Wednesday in the Thirty-Second Week of Ordinary Time

Matthew 27:33-34; Mark 15:22-23; Luke 23:32-34; John 19:16-18

The Cross as the Measure of God’s Grace

Jesus and Simon of Cyrene finally make it to Golgotha, or “the Place of the Skull.”  Of course, everyone else arrives there to behold the spectacle as well, not the least of which are the Roman soldiers.  We also learn that two robbers are crucified with him, fulfilling Isaiah 53:12 that “he was numbered with the transgressors.”  Is it not fitting that the Lamb of God who takes away our sins should die between two sinners!  Not one of the gospels goes into detail about the process of crucifixion but only say, “there they crucified him,” which I think agrees with my reference to Leon Morris on Saturday that the gospel writers desire not to play on our emotions but instead strive to help us understand what God is doing through His Son in our reconciliation.  Let us note two things:

First, Luke records Jesus’ first words from the cross, “Father, forgive them, for they know not what they do.”  In the Scriptures, redemption (our being bought back, or ransomed) is tied to the forgiveness of sins, and there is no forgiveness of sin without the shedding of blood (Hebrews 9:22; Ephesians 1:7; Colossians 1:14).  This is precisely what the Old Testament foreshadowed in the sacrifices as the blood of the animal was substituted for the blood of the man who watched (in horror, we hope) as the poor beast was slaughtered on his behalf for his sins.  So Jesus is fittingly called the “Lamb of God.”  And it is Jesus who declares our forgiveness from the throne of the cross.  He can do that; as the Son of Man who was slain for us, he has the authority to forgive sins (Mark 2:10).  Always remember, sin is no trifle, and because it isn’t, Christianity is a deadly serious religion.

Second, Matthew and Mark record that the soldiers offered Jesus wine mixed with gall or myrrh.  We are told that this quite possibly was given to the crucified as an act of Roman mercy (believe it or not) since the mixture had a numbing effect.  But Jesus wouldn’t have it.  Why not?  Surely he had suffered enough, and there was much more suffering to come!  Jesus didn’t go to the cross to camouflage the heinousness of our sin, our rebellion, our hatred for God and His Law.  Sin must be exposed and atoned for, not covered up.  If the Father required that Jesus drink that cup, then Jesus would drink it to the dregs.  The salvation that our Lord purchased for us was not at a discount; indeed, no higher price could be paid than the blood of the Son of God.  Which tells us this: God’s grace is greater even than our sin (Romans 5:20).  I said the other day that the cross is the measure for our sin; but it is even a greater measure of God’s love for His people.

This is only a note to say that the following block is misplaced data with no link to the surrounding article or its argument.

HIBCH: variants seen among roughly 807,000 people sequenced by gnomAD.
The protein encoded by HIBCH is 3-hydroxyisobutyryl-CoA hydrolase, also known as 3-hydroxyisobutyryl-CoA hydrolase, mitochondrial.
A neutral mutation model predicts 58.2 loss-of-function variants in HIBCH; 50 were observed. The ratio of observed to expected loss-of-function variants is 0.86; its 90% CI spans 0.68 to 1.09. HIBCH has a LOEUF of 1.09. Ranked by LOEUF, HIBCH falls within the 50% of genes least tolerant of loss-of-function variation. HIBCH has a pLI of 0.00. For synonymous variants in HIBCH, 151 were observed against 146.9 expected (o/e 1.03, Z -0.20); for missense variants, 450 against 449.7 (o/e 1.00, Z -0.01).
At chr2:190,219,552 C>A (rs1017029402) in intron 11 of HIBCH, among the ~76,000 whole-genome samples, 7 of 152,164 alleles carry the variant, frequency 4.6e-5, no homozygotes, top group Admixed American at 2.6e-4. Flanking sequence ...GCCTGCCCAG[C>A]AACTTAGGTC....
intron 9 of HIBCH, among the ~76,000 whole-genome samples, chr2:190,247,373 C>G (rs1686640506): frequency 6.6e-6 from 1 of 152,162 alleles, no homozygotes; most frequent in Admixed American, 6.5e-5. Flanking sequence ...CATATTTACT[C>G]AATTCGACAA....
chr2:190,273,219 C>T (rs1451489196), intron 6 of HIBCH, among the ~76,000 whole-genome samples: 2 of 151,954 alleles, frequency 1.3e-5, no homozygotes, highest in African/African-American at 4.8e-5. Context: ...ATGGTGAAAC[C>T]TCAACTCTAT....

Author: The Reformed Baptist

My name is Stephen Taylor, ordained Baptist minister of eighteen years pastoral experience with a Ph.D. in Historical Theology from Southwestern Baptist Theological Seminary in Fort Worth, Texas. Better than that, I am married to a godly woman, Karla, who has been very patient with me since 1989. I have two daughters, both of whom I homeschooled for extended periods of time, who became godly young women, and who ran off and married godly young men, all of which is very proper. The oldest daughter has even seen fit to bless me with a grandson and a granddaughter, and my youngest daughter with a grandson, all three of whom are bundles of exceeding joy. As you can see, I am quite blessed. This website is dedicated to helping people grow in the wisdom and knowledge of our Lord Jesus Christ through the gift of writing that the Lord has given to me. It is specifically about helping His people grow in godliness, the theme you see repeated above. I write devotions with this aim and hope that they might be of some help to God’s people. Full disclosure: I am of a Reformed bent, meaning that my understanding of Scripture is primarily informed by the Reformers and their successors of the sixteenth and seventeenth centuries. However, as a student of church history and theology, I strive to remain true to that teaching handed down once for all unto the saints through every age of the Church. I like to think of myself as a “catholic” Christian, as the Reformers thought of themselves. At any rate, feel free to read, pray, and contact me if you wish, or correct me if need be. As you can see, I tend to follow the church year. Of course, I make no special claims about these devotions. I know very well that others have written better and plumbed the depths of God’s word with greater insight. But if my musings help someone draw closer to the Lord, well then, I have my reward. Blessings to you and may the God and Father of our Lord and Savior Jesus Christ speak to you that word which He knows you especially need to hear. Grace & peace, Stephen Taylor

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